Feminism didn’t raise the bar. If anything, it lowered it.  Now, paying some poor woman of color to clean your house and raise your children is seen as a marker of respect and considered “good enough”.  What feminism mostly did is destroy the bar outright.

“No woman should be authorized to stay at home and raise her children. Society should be totally different. Women should not have that choice, precisely because if there is such a choice, too many women will make that one.”

Simone de Beauvoir

“Sex, Society, and the Female Dilemma,” Saturday Review, June 14, 1975.

Most women will choose to be at home with their children, cared for by the men they love.  Feminism KNEW that from the get-go and was determined to destroy the family.

And they have very nearly succeeded.  But they cannot destroy women’s hearts.  They still long for babies and men and home.

As feminist ideals trickled and then flowed into mainstream culture, though, they became far more fanciful, more exuberant, more trivial—something easier to sell to the millions of girls and women entranced by feminism’s appeal. It is easy, in retrospect, to say that women growing up in that world should have seen through the fantasy to the underlying struggle, that they—we—should have realized the myths of Charlie (both the angels and the perfume) and fought from the outset for the real rights of women. But most of us didn’t, not because we were foolish, necessarily, but because it’s hard, coming of age, to embrace the struggles of your parents’ generation. And so we embraced the myth instead, planning, like Atalanta, to run as fast as the wind and choose the lives we wanted.

Fanciful?  Exuberant? Trivial?


The real rights of women?  And what are those? From where I sit, feminism’s biggest accomplishment appears to be awarding women the right to kill their own children.  So they can “choose the lives we wanted”?

Nope. Exactly the opposite.  Feminism is designed to get women to reject the lives they want.  A core group did NOT want men or babies or children, and there are plenty of women, feminist or not, who are STILL not interested in men or marriage or family or children, and good for them.  I really don’t care what any one individual thinks about children or family.  But feminism as an ideology is designed to get the majority of women who really DO care about love and men and children to set up their lives to make it impossible to pursue those goals as a dream.

Feminism REMOVES women’s choices.  It does not expand them.  It destroys them.

Meanwhile, none of society’s earlier expectations of women disappeared. The result is a force field of highly unrealistic expectations. A woman cannot work a 60-hour week in a high-stress job and be the same kind of parent she would have been without that job and all the stress. And she cannot save the world and look forever like a 17-year-old model.

Okay, first of all, those expectations did not disappear because women are still women.  And the highly unrealistic expectations are the ones that tell women they should care more about their jobs and careers and bank account statements than the overall well-being of their families.  No one can work a 60 hour week and be a good, hands-on parent.  Not men, not women.  No one.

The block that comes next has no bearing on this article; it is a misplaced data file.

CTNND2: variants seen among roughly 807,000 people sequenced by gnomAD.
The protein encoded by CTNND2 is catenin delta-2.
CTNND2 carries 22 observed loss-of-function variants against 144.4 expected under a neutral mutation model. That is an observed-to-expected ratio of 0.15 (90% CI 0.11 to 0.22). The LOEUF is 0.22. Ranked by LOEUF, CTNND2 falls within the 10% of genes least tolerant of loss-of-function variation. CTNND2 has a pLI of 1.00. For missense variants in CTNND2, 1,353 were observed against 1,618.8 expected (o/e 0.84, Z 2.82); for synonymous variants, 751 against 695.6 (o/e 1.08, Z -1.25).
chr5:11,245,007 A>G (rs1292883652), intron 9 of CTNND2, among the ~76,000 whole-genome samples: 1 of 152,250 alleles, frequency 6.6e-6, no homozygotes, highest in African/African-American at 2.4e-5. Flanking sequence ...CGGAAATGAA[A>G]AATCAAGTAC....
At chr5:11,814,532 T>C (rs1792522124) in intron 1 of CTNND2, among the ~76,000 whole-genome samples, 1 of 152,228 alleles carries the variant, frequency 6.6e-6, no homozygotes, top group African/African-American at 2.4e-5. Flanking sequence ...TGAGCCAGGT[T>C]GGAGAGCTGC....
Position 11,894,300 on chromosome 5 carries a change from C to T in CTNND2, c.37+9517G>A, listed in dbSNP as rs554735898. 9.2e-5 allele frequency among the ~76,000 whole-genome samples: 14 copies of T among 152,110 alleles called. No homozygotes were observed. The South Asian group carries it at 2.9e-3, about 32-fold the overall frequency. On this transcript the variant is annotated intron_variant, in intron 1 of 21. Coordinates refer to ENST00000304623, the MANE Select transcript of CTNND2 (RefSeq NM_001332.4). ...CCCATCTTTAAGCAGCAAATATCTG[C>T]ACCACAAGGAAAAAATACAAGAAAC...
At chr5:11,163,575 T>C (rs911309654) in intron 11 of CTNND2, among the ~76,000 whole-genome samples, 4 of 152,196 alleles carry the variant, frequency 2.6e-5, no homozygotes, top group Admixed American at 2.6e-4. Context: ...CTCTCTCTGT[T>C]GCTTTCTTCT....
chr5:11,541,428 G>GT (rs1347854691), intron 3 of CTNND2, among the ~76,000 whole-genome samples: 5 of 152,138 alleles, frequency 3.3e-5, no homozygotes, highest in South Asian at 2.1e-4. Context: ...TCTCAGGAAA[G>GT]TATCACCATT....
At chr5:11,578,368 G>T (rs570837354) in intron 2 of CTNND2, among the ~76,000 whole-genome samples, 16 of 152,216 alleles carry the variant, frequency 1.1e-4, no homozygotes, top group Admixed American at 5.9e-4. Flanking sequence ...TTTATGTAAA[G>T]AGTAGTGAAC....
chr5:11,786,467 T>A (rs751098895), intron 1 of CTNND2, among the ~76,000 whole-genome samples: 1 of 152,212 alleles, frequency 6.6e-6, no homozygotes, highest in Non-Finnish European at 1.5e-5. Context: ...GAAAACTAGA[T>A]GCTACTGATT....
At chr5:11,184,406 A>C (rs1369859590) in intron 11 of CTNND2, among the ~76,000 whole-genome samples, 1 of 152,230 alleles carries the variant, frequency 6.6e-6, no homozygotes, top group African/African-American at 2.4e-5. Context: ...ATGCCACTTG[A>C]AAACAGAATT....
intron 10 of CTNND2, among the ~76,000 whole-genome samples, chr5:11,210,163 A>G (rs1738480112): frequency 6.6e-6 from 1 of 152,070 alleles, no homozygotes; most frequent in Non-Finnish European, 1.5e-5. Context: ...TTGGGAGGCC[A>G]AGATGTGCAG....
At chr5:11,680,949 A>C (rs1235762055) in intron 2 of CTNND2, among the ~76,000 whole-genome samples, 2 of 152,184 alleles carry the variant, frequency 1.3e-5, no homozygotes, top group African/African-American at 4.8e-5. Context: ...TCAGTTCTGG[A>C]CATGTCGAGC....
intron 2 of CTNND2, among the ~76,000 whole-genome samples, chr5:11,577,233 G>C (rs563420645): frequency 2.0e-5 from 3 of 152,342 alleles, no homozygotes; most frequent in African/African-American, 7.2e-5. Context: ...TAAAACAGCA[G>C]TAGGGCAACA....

And the harsh reality is that women are NOT saving the world.  They are working in the paid labor force doing all the same work they used to do at home for their own families.  Taking care of children, the elderly, cooking, cleaning, making coffee and keeping shit organized.

And don’t you just love that little “look like a 17 year old model” toss-off?  Would that be because men tend to love beautiful 17 year old women, or at least how they look? Is she advocating that women attempt to appear underage?  Is this a tacit approval of statutory rape?

I’ll just wait here for some feminist to call her on that one.


Yeah.  Let’s have a man make that statement and see what happens.

No man can do that, either; no human can. Yet women are repeatedly berating themselves for failing at this kind of balancing act, and (quietly, invidiously) berating others when something inevitably slips. Think of the schadenfreude that erupts every time a high-profile woman hits a bump in either her career or her family life. Poor Condoleezza Rice, left without a boyfriend. Sloppy Hillary, whose hair is wrong again. Bad Marissa Mayer, who dared announce her impending pregnancy the same week she was named CEO of Yahoo. She could not pull it off (snicker, snicker). She paid for her success. She. Could. Not. Do. It. All.

And that anger comes from the expectation and the LIE that women should “want” to do it all.  Women are not stupid. They know that it is OTHER WOMEN who are peddling the lies.  Men have been, and continue to be, willing to support their wives and children in exchange for the traditional relationship between adults that emphasized loyalty, fidelity and a shared life.

Goober said it beautifully:

How deluded are these women that they don’t see that ALL of their privilege is due to the fact that men like them as companions rather than slaves?